“Je voyage pour vèrifier mes rêves.”

Gérard de Nerval, I thought I did that, or was doing it, on this trip. That may not be the case,

I am in real trouble. Not wanting to overwork the “traveling light” motif, I need to explain nevertheless that ‘light’ has come to mean not having a camera. (I’m not counting an iPhone that has not been lost — yet.) It also means not having a normal writing instrument — i.e., a pen. this is the first time in my life that I can recall being in a room where I couldn’t reach out and grab a pen or at least a pencil.

Is it the fault of all the brushes, pastels, and spatulas currently being used here in Joudes (Jura) to make marks on the page? Are they more important than the comfortable pen?

One does have a problem under these circumstances if one is the sort, perhaps a dying breed, who still likes to write — not print — drafts of things that will only later be uploaded to the internet. The only salvation has been a Progress Aquarell, a kind of watercolor graphite stick that is designed without wood and is also used for creating marks. Good for the environment, less so for keeping the hands unsmudged.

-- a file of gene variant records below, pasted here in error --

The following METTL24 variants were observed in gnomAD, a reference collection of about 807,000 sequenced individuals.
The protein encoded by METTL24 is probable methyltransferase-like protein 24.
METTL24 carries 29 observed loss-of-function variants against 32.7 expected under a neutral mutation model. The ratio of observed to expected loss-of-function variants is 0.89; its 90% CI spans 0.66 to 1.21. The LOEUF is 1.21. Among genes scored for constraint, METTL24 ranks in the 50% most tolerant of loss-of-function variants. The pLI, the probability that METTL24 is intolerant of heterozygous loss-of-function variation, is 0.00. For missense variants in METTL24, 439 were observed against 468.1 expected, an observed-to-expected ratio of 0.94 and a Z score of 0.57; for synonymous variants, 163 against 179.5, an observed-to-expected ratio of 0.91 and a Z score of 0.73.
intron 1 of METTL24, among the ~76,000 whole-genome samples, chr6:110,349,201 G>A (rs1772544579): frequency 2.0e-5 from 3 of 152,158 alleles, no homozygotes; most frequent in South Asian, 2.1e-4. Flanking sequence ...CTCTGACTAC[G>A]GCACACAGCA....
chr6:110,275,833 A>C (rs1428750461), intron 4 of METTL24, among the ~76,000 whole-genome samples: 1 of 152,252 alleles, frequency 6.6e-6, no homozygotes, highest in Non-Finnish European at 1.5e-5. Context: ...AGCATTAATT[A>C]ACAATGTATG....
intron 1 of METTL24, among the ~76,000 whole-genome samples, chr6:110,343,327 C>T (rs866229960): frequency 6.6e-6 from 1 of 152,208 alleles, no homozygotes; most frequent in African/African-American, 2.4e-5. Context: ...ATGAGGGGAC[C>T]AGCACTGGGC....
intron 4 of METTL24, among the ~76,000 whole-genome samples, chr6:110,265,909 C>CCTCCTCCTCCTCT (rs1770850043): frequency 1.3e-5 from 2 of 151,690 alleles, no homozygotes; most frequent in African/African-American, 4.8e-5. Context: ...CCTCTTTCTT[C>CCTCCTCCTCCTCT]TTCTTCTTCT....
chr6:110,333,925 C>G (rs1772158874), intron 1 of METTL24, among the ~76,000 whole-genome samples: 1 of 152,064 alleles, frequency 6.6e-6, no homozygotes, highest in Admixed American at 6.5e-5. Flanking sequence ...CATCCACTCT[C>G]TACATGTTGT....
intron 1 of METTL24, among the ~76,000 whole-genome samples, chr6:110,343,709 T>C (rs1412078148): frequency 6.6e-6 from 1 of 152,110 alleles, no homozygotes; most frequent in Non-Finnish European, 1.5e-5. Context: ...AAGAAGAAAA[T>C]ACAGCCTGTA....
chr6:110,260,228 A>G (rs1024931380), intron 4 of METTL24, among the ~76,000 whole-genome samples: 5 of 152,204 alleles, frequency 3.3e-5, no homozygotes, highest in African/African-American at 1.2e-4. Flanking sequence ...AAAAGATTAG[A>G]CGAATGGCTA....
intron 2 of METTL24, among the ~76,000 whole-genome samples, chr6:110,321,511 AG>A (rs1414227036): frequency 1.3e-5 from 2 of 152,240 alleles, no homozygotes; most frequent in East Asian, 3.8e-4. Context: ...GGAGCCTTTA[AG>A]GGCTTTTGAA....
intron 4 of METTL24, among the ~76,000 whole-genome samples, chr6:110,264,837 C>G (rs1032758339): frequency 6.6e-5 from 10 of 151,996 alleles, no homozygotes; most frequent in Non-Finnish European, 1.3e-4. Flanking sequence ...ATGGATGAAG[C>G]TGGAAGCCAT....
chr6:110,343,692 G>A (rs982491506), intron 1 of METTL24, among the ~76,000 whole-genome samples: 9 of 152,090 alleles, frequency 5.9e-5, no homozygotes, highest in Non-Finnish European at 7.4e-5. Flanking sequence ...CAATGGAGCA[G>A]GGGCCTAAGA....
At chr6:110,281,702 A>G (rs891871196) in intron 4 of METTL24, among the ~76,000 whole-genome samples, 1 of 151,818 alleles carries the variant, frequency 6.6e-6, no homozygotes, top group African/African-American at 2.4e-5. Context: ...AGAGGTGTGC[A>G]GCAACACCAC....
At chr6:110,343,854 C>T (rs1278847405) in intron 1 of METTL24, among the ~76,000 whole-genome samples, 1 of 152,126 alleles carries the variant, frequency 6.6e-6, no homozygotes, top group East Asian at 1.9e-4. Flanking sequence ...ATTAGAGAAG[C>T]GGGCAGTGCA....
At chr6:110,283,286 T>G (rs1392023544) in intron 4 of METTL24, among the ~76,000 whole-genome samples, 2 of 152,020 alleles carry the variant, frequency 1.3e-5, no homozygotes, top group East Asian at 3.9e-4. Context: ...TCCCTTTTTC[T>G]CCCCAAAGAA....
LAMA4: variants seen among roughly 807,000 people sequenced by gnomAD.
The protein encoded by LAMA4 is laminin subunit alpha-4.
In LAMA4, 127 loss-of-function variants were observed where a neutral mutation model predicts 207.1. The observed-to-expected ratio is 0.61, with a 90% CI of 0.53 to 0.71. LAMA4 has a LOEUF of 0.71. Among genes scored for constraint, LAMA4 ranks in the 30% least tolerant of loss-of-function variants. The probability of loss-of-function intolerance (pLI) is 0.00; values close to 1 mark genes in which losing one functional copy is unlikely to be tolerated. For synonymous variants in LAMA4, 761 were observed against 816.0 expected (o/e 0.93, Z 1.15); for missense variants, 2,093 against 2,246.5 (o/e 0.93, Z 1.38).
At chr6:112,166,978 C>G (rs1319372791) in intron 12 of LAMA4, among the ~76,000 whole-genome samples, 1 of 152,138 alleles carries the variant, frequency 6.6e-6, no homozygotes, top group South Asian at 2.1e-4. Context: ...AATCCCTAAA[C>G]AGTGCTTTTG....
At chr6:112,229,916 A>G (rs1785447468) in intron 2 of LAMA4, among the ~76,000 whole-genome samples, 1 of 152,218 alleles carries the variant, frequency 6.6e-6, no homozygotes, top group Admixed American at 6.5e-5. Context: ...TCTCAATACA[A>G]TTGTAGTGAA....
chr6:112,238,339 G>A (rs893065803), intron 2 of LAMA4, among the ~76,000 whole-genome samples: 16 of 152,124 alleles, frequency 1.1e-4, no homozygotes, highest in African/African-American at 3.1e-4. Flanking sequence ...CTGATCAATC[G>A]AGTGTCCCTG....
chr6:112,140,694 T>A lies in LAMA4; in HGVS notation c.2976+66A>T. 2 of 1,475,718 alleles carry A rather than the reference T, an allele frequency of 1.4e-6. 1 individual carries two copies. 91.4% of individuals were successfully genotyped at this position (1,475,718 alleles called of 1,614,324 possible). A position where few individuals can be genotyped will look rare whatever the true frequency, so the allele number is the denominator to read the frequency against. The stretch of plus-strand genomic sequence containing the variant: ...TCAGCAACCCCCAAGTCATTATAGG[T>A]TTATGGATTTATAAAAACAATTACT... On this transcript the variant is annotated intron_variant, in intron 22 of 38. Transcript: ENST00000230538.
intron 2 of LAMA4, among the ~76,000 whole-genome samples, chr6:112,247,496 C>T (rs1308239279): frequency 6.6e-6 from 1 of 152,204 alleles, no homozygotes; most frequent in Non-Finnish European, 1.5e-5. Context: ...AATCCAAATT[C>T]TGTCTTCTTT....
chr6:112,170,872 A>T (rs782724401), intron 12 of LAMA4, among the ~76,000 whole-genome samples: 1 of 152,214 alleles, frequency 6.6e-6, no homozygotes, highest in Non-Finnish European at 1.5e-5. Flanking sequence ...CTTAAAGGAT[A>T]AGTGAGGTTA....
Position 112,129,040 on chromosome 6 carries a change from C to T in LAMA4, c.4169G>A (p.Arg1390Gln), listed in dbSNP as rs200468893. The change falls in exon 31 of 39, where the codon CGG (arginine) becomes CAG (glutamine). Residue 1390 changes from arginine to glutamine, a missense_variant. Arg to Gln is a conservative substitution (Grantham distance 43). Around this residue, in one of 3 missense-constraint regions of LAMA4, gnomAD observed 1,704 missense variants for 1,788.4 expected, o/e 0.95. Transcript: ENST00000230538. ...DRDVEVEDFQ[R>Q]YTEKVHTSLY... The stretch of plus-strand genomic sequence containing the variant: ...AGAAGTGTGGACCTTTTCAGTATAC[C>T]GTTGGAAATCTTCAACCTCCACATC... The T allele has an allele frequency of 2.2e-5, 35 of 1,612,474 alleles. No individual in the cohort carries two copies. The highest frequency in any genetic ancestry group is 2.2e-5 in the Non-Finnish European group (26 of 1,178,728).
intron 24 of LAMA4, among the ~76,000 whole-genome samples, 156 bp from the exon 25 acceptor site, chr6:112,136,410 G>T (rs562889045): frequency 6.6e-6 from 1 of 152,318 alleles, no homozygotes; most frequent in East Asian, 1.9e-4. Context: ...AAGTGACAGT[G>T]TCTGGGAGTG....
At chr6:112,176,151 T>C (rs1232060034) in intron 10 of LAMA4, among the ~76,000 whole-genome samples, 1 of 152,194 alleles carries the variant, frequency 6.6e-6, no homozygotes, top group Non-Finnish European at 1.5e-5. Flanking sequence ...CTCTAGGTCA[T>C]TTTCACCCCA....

It’s not the same as writing with a pencil. no matter how good an imagination one has. You’re also probably thinking that you’ve gone through two pens and must have left the third under the bed in the last hotel, after it rolled there. You think at first that there’s an easy solution: Run to a store, almost any store, and get another.

Not so easy when you’re in Joudes, a hamlet of 388 inhabitants. You haven’t seen either the hamlet or the the people who live in it, but you can imagine there’s no store, unless it’s a bakery or a bar. Therefore, there is no pen nor pencil to be had.

Saint-Amour is only a few minutes away and there are stores with pens in that town, small as it is. However, the schedule for the atelier I’m attending doesn’t allow us to be away for that long. Solutions: 1. Borrow a pen. Somebody must have one. Seriously. 2. Don’t write or post anything. 3. Draw pretty pictures instead.

Interesting how creative we can be when necessary.

Why write when we can draw or paint, anyway?